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The Aesthetics of Strangeness: Eccentricity and Madness in Early Modern Japan

by Michael Hoffman

Special To The Japan Times

Misfits. Oddballs. Bohemians. In Tokugawa Japan? Yes indeed, a veritable plethora of them. The Tokugawa shogunate (1603-1867) was hardly the first repressive regime, or the last, to throw nonconformity out the front door only to find it creeping in through the back door, through the window, through cracks in the walls.

The Aesthetics of Strangeness: Eccentricity and Madness in Early Modern Japan, W. Puck Brecher, UNIVERSITY OF HAWAI’I PRESS

Rebellion takes many forms, from revolution to art. Our business is with art. At certain moments in history, “strangeness bursts forth,” writes American Japanologist W. Puck Brecher in this fine study of how and to what effect it does so. In this connection, there is a laugh I would convey to the reader if I knew how. It animates a self-portrait by the artist Okada Beisanjin (1744-1820). He is not widely known — typical of the poets and artists Brecher features and a measure of the credit he deserves for resurrecting them. Beisanjin is a rather disreputable character. (Aren’t they all?) He’s a drinker, and if anyone objects he doesn’t much care. He goes his own way, laughs his own laugh, knows what he knows. His motto: “Having sake, I cannot fail.”

Japan’s ancient and early-modern cultures borrowed heavily from China, but one Chinese personality type that had comparatively little appeal here is the reclusive misfit. China gave him his due, recognizing and reverencing his holiness, wisdom, artistry. Even physical deformity, in China, could confer a kind of awe. “In Japan,” Brecher explains, “deformity had long been viewed as a marker of sin or defilement.” Likewise madness — madness interpreted broadly enough to include social nonconformity. There were exceptions, typified by the ubiquitous blind lute-playing priest, or by Ebisu, the god of commerce, “worshipped as a deformed stranger who had crossed the sea bearing good fortune.” But by and large, in early Japan eccentricity proved madness, and madness was a curse, not a gift.

As the Tokugawa grip tightened on the land, artists and poets whose spirits led them away from the prevailing Confucian rectitude tended to withdraw into themselves. Ancient China provided the role models, and the resulting bunjin culture — characterized by traits startlingly reminiscent in some cases of the modern avant-garde — has a heavily Chinese flavor.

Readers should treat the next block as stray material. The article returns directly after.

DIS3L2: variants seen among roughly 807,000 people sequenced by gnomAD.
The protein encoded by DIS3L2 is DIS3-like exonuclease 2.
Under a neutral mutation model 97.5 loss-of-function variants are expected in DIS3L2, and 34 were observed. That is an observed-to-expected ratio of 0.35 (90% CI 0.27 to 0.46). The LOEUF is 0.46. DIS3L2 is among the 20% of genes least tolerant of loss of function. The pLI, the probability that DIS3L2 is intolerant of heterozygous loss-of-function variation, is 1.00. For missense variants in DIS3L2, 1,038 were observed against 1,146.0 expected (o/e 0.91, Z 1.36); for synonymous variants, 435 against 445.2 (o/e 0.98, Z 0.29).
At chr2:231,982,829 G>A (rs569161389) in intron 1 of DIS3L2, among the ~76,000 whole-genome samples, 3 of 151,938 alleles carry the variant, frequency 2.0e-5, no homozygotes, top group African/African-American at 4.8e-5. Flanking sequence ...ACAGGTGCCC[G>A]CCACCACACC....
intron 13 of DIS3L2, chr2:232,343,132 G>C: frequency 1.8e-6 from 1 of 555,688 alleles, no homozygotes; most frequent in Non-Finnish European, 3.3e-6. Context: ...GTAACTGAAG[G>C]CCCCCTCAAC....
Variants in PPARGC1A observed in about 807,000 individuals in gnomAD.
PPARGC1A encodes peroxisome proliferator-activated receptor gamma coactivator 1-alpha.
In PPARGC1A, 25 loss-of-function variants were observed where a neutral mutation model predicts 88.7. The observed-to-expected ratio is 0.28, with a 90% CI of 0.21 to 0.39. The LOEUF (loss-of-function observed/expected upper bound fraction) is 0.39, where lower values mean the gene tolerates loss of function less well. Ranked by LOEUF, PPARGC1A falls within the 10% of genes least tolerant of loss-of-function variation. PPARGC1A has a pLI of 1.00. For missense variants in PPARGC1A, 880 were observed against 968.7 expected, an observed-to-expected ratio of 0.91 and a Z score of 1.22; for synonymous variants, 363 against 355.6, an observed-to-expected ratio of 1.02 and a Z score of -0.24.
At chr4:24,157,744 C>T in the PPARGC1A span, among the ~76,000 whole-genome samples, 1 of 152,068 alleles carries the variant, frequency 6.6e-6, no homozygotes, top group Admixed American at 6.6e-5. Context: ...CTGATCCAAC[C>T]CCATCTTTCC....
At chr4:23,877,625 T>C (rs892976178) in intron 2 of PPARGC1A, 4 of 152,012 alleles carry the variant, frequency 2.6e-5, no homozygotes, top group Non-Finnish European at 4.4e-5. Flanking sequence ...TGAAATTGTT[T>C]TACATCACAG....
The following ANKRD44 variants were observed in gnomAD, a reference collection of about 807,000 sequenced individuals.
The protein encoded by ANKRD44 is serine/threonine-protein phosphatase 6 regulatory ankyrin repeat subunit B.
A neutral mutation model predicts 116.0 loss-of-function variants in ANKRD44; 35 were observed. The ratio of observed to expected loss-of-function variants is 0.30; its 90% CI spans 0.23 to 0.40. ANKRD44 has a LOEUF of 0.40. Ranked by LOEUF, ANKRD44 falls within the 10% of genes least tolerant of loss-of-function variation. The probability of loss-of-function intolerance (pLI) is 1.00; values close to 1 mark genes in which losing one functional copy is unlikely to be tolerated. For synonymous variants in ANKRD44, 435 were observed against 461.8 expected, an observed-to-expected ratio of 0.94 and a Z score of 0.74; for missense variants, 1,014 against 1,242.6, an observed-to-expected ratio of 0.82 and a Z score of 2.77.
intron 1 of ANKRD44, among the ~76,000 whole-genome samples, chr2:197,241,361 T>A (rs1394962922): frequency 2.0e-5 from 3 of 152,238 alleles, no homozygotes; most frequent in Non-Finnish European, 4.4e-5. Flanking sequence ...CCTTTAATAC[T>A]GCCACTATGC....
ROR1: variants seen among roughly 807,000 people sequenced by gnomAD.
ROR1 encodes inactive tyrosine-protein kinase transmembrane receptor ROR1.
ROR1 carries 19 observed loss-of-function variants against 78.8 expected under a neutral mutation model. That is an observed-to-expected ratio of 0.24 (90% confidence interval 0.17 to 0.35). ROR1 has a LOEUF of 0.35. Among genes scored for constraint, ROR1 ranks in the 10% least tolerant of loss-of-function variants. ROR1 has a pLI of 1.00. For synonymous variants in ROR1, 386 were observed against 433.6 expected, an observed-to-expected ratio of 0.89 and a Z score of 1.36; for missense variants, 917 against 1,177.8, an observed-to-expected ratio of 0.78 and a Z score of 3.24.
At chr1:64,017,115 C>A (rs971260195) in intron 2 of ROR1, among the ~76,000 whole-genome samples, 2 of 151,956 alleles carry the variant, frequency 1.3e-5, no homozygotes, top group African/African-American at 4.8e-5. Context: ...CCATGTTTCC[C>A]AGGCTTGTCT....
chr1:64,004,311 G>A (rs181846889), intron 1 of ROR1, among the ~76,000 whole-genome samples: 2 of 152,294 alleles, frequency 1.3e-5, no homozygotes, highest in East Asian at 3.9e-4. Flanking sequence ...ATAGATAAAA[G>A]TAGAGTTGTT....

A Japanese prototype, the most famous figure in the book, is the haiku poet Basho (1644-1694). “Ever since I was young” he wrote, “I have been fond of my eccentric ways.” He gave up his samurai status for a life of reclusion, wandering and poetry. His very last poem, composed shortly before his death, seems to sounds a note of despair: “None is traveling/ here along this way but I,/ this autumn evening.” But maybe it is not despair at all. Maybe it’s triumph.

He spawned a school, called Shomon, of disciple-successors in whom Brecher discerns a touch of self-indulgence: “Some earned celebrity … but they did so by converting Basho’s aesthetic strangeness into behavioral strangeness.” One staged his own funeral; another called himself “Master Depravity” and comported himself accordingly. A third “rejected wealth, status, family and possessions, preferring the simple, unencumbered life of a beggar.” To the persistent merciless mockery of the local children he retorted: “Beggar? Madman? How funny! I’m neither of those; I’m a Tengu (a long-nosed mountain goblin), praise Amida (Buddha)!”

It took a painter to make a case for the defense: “From the beginning,” wrote Gion Nankai (1677-1751) in 1726, “the Way of the Sages lay in revering correctness and defending normality. … Those unconventional people living beyond the bounds of common sense appreciate taste all the more, while philistines” — for which read Confucian moralists — “know nothing of it.”

Where the West sought freedom through politics, the premodern East sought it through art, and the paintings reproduced in this book show the degree to which the most eccentric, wayward spirits found it. Okada Beisanjin, already mentioned, celebrated his personal ugliness in three self-portraits — “he is the only known artist impudent enough to depict himself on such a scale,” writes Brecher. I don’t know what he means by “such a scale,” but his impudence is delightfully clear.

We cannot close the subject without at least a mention — a worthy description is impossible — of the “Portrait of Li Tieguai,” circa 1770, by one Soga Shohaku. His technique is to “convert conventional Chinese settings into terrifying landscapes and Daoist sages into monsters.” You certainly wouldn’t want to meet this sage-monster on a lonely road at night — or during the day for that matter. That’s freedom for you, the artist seems to be saying. Take it or leave it.

The reader might wish at times that Brecher had loosened his scholarly rigor just enough to match the mad humor of his subject with a writing style a bit less dry and dustily academic. Perhaps it’s carping to criticize a scholar for being scholarly. Who but a scholar, after all, could unearth these wonderful characters, known for the most part only to connoisseurs, for the delectation of the rest of us?